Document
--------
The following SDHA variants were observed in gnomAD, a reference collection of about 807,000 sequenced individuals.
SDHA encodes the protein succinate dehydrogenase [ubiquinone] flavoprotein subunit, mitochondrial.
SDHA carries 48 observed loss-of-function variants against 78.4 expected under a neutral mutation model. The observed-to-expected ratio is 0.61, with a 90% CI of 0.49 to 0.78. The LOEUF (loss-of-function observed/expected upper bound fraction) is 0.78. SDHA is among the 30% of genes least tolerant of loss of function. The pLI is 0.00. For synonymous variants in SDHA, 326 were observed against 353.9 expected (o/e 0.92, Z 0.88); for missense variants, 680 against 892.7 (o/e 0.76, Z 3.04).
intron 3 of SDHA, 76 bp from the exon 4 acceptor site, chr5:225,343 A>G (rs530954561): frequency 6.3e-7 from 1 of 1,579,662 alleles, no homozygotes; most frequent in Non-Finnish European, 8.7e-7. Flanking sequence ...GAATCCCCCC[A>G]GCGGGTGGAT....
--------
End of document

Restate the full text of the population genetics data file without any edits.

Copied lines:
The following SDHA variants were observed in gnomAD, a reference collection of about 807,000 sequenced individuals.
SDHA encodes the protein succinate dehydrogenase [ubiquinone] flavoprotein subunit, mitochondrial.
SDHA carries 48 observed loss-of-function variants against 78.4 expected under a neutral mutation model. The observed-to-expected ratio is 0.61, with a 90% CI of 0.49 to 0.78. The LOEUF (loss-of-function observed/expected upper bound fraction) is 0.78. SDHA is among the 30% of genes least tolerant of loss of function. The pLI is 0.00. For synonymous variants in SDHA, 326 were observed against 353.9 expected (o/e 0.92, Z 0.88); for missense variants, 680 against 892.7 (o/e 0.76, Z 3.04).
intron 3 of SDHA, 76 bp from the exon 4 acceptor site, chr5:225,343 A>G (rs530954561): frequency 6.3e-7 from 1 of 1,579,662 alleles, no homozygotes; most frequent in Non-Finnish European, 8.7e-7. Flanking sequence ...GAATCCCCCC[A>G]GCGGGTGGAT....